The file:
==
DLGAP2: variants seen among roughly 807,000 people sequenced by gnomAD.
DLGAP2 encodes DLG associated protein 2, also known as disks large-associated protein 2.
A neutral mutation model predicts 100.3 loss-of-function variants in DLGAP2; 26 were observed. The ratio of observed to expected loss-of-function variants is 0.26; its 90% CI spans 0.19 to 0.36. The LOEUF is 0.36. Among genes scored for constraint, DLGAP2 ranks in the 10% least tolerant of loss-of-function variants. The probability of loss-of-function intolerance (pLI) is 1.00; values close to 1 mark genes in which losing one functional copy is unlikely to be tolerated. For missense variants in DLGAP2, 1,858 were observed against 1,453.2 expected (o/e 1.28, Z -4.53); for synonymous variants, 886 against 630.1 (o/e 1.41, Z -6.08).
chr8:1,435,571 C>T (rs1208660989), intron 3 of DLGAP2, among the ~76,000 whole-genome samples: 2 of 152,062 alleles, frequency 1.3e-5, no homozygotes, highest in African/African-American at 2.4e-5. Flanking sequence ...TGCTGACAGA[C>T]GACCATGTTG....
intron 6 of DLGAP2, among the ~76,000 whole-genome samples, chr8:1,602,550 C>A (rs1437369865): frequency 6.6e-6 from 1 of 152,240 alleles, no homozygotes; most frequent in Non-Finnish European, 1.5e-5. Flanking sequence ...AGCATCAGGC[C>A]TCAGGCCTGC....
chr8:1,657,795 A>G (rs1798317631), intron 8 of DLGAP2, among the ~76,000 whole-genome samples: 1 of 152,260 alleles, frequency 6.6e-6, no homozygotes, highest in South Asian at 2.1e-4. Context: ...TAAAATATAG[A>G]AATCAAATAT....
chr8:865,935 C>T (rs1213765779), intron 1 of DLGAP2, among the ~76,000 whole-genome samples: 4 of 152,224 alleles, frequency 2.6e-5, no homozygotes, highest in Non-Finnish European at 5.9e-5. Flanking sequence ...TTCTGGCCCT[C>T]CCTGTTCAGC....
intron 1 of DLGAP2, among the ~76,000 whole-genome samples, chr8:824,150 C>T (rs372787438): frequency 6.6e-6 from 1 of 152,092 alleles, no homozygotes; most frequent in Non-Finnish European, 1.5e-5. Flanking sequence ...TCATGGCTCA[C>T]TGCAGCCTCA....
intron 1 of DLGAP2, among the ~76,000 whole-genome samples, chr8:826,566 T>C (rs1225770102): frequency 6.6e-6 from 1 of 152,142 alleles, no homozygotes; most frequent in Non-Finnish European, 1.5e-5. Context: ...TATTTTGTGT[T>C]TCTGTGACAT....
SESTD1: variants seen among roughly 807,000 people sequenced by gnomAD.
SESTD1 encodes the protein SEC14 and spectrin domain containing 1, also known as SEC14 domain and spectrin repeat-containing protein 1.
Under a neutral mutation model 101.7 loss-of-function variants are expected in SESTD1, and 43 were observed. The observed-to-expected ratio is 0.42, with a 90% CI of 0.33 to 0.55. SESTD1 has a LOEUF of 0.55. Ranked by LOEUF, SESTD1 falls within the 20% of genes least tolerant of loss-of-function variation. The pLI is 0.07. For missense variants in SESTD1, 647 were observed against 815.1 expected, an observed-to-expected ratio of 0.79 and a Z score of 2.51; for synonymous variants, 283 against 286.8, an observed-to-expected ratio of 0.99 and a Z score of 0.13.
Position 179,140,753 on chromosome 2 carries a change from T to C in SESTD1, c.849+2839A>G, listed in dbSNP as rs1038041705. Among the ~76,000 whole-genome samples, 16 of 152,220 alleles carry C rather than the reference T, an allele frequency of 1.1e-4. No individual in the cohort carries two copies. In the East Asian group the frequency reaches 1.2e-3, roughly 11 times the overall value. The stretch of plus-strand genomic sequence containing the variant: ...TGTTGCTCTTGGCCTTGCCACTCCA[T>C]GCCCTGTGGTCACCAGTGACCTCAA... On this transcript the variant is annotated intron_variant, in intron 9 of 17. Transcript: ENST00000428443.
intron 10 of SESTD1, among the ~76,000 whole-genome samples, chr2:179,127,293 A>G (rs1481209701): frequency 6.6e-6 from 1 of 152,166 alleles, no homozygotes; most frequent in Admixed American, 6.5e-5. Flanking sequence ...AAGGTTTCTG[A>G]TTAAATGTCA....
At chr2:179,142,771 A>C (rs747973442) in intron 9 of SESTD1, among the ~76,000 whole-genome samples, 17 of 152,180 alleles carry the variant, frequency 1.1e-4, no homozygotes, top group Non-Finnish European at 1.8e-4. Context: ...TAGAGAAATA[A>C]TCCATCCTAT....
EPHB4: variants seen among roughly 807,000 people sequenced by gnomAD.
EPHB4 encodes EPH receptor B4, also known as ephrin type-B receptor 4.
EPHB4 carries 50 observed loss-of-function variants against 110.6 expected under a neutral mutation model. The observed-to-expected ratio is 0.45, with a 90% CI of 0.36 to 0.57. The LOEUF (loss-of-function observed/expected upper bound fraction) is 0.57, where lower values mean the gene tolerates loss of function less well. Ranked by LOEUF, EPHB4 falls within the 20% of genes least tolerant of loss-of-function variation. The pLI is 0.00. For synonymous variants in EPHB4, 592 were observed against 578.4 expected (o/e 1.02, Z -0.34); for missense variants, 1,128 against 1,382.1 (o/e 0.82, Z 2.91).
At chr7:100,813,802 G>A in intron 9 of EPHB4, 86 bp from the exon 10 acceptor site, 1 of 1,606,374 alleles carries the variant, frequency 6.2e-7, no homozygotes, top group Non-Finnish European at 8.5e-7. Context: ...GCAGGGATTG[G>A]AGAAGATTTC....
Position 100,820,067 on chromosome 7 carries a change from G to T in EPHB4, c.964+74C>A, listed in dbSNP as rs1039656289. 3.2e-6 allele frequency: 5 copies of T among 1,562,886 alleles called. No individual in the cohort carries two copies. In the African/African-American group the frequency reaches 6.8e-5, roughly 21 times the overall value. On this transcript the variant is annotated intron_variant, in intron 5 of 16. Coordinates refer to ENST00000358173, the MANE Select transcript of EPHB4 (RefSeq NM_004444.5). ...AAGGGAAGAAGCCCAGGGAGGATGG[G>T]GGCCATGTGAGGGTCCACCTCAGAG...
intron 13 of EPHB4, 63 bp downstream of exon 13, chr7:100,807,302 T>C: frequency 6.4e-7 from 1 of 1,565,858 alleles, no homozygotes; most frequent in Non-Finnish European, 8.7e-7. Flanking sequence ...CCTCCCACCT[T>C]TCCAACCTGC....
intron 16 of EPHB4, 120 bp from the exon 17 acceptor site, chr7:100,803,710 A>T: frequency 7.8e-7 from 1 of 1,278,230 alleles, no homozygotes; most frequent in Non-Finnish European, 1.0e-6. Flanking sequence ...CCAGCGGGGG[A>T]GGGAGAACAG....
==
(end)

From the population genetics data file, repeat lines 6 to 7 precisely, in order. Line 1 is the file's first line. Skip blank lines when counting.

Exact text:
chr8:1,657,795 A>G (rs1798317631), intron 8 of DLGAP2, among the ~76,000 whole-genome samples: 1 of 152,260 alleles, frequency 6.6e-6, no homozygotes, highest in South Asian at 2.1e-4. Context: ...TAAAATATAG[A>G]AATCAAATAT....
chr8:865,935 C>T (rs1213765779), intron 1 of DLGAP2, among the ~76,000 whole-genome samples: 4 of 152,224 alleles, frequency 2.6e-5, no homozygotes, highest in Non-Finnish European at 5.9e-5. Flanking sequence ...TTCTGGCCCT[C>T]CCTGTTCAGC....